By Heather (she/her)
Listen to it here: https://open.spotify.com/episode/5U0hY5M7zPEYzFfqEJIZMS?si=6b5aa64ce1c64854
Hi, Heather here. This week we are all talking about what we have lost and gained through our experiences of ill health. Some of these might be focussed on positive life choices, but not mine.
Background I was diagnosed with Lupus (SLE) almost exactly 7 years ago and despite numerous severe flares (and multiple weeks of sick leave) I have managed to keep my life moving generally forward throughout that time. This was largely due to getting the right combination of medications and balancing my work and life. I had a civil service career for 7 years, completed my degree and diploma part time in the evenings, bought a house and somewhere along the way got married (with an adorable puppy thrown in!) In summer last year I started my new dream career as a trainee lawyer and after about 2 months I very quickly took unwell. We are still trying to put the pieces together of what happened. I suddenly started experiencing very strange cardiac symptoms including severe dizziness and fainting, migraines causing partial vision loss, and then repeated infections that were multi antibiotic resistant. This lead to 4 unplanned hospital admissions in the space of 2 months.
So what did I lose? After 6 months of being with a very understanding employer I lost my dream job in February 2020, although I can return once I’m better. This has meant a sudden loss of the steady income we had grown used to, but more important than financial stability, I lost my identifier. We all have identifiers that we use to describe ourselves. It might be our: gender, relationship status, employment status, family role or political / religious beliefs. We all have our own order in which we prioritise these identifiers. For me, being employed in a job I valued was always a key identifier. I was proud to work for the civil service and equally pleased to be studying law. I thrived in conversations about either and was quietly proud of what I had achieved despite my medical conditions. When I lost my job it was that loss of self worth that I struggled with most. I still struggle when strangers ask me what I do for work, because I feel so conflicted. I don’t want to say I’m unemployed because of the stigma attached, but equally don’t want a long discussion about my illness with a complete stranger. I keep coming up with cutesie answers about having a “career break” or “having some time off” but they taste bitter.
It’s not so much that it matters what they think, but more that it matters how I view myself. Being at home all the time is hard to mentally adjust to, but slowly with a new routine, I’m getting there. The biggest loss has been of my “identifier” and the clarity of how I view myself in light of that.
Found So what did I gain? This is going to sound extremely backwards so please bear with me. I gained the ability to pause my life.
My entire life has been very target driven, with every achievement being clouded by my next goal. I mentally thrive under that constant need to better myself, but my body does not. It has often hit me with a lupus flare to get me to slow down. Even in the weeks before this recent medical episode, I felt unfulfilled despite meeting so many personal goals. In December I had an especially bad infection that landed me in hospital for a week, with daily infusions for another week thereafter. When my first symptoms appeared I disregarded them because I had gotten quite used to knowing where my bodies limits are. I didn’t think these symptoms were urgent and thought it could wait until the GP opened in the morning. I was wrong. Within half an hour I was going in and out of consciousness while my husband was being informed by the emergency responder that the ambulance wasn’t going to make it in time before I went into a coma. I ended up injecting myself on my bathroom floor, and was later told that it probably saved my life. Initially it didn’t mean much because I was too busy fire fighting my health. As the days and weeks have gone on, I have processed it more and the knee jerk emotions have subsided (although I still can’t lock my bathroom door). What hasn’t gone away is the feeling of hitting pause on my life. I appreciate that my life will probably back to normal one day and all this will be period to look back on. At the moment though, I have at least a few months to just pause. I have very few worries about when and how I am going to go back to work. I’m feeling generally calm about just taking it one day at a time. I didn’t cry when I could hardly leave the house for weeks because my health was simply more important than my goals (for the first time ever). I bought the things I hadn’t been able to justify buying, just because. I spent days just curled up with my husband watching netflix and scrolling Tik Tok. None of this is bucket list stuff, but for now at least, it is enough. It is enough to be breathing, experiencing the little things in life and enjoying the moments with loved ones (even remotely under the current self isolation).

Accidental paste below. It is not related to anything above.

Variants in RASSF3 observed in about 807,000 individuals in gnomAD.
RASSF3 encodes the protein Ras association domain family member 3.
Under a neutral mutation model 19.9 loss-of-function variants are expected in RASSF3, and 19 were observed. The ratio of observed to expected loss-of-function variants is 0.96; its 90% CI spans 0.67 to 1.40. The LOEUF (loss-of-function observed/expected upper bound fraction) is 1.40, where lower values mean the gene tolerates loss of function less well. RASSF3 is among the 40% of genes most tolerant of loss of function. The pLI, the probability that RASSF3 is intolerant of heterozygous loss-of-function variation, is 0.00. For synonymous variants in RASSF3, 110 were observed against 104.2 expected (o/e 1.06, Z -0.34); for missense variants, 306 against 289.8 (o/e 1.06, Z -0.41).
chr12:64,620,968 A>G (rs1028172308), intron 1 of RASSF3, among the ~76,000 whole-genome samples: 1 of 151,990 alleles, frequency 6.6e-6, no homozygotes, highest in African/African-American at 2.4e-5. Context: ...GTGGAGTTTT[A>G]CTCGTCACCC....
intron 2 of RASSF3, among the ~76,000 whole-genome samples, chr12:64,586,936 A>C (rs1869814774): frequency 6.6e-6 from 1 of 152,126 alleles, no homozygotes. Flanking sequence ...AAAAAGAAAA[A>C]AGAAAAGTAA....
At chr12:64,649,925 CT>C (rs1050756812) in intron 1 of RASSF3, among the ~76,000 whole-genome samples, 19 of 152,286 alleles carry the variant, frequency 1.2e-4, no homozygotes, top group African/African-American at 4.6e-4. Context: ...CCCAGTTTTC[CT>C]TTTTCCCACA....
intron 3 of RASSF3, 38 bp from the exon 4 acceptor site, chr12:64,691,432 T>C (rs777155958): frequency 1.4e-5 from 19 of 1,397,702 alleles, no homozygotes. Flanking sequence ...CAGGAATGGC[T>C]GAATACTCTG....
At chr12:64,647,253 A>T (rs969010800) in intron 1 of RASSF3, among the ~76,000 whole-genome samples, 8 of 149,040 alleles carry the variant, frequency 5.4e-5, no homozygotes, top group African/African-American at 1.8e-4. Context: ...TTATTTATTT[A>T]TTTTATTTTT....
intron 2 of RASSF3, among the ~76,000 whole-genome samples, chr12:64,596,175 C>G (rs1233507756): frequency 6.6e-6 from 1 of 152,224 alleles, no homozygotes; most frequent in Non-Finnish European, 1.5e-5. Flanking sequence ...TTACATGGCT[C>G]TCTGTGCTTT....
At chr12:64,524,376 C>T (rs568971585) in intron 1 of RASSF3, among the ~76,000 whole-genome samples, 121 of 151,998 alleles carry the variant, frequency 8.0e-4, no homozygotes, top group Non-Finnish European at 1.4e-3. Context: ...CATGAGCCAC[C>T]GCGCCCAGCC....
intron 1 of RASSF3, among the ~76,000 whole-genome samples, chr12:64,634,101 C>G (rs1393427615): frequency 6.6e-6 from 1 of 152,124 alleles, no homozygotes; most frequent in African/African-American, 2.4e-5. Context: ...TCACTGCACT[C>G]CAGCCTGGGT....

I’m happily building up my strength with daily 10 minute yoga workouts, doing my skincare routine and sewing. I don’t currently feel like I have anything to prove. I’ve hit pause on the daily drama that it’s so easy to get lost in, because it honestly doesn’t matter right now. My life is enough for now, and that’s the best gift I could ever be given.
(Originally published 29/03/20)